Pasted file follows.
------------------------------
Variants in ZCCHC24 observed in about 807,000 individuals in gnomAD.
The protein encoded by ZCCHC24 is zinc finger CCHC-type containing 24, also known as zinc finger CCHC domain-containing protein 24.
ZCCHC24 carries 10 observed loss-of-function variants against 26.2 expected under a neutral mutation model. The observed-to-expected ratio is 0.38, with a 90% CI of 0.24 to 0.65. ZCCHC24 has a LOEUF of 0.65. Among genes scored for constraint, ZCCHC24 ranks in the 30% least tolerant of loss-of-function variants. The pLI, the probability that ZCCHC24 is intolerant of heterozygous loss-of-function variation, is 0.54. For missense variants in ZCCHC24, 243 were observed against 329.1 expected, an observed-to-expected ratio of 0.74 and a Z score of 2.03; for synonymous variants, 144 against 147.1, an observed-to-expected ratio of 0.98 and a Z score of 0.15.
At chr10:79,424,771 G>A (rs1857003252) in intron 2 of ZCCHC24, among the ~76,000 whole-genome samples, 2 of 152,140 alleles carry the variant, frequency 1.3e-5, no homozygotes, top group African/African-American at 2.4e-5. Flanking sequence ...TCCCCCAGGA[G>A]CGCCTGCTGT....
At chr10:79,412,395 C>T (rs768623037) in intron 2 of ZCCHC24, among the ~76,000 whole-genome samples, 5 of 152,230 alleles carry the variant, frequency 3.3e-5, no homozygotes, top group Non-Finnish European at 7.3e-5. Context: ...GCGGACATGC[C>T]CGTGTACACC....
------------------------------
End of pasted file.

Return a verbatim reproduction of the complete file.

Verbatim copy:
Variants in ZCCHC24 observed in about 807,000 individuals in gnomAD.
The protein encoded by ZCCHC24 is zinc finger CCHC-type containing 24, also known as zinc finger CCHC domain-containing protein 24.
ZCCHC24 carries 10 observed loss-of-function variants against 26.2 expected under a neutral mutation model. The observed-to-expected ratio is 0.38, with a 90% CI of 0.24 to 0.65. ZCCHC24 has a LOEUF of 0.65. Among genes scored for constraint, ZCCHC24 ranks in the 30% least tolerant of loss-of-function variants. The pLI, the probability that ZCCHC24 is intolerant of heterozygous loss-of-function variation, is 0.54. For missense variants in ZCCHC24, 243 were observed against 329.1 expected, an observed-to-expected ratio of 0.74 and a Z score of 2.03; for synonymous variants, 144 against 147.1, an observed-to-expected ratio of 0.98 and a Z score of 0.15.
At chr10:79,424,771 G>A (rs1857003252) in intron 2 of ZCCHC24, among the ~76,000 whole-genome samples, 2 of 152,140 alleles carry the variant, frequency 1.3e-5, no homozygotes, top group African/African-American at 2.4e-5. Flanking sequence ...TCCCCCAGGA[G>A]CGCCTGCTGT....
At chr10:79,412,395 C>T (rs768623037) in intron 2 of ZCCHC24, among the ~76,000 whole-genome samples, 5 of 152,230 alleles carry the variant, frequency 3.3e-5, no homozygotes, top group Non-Finnish European at 7.3e-5. Context: ...GCGGACATGC[C>T]CGTGTACACC....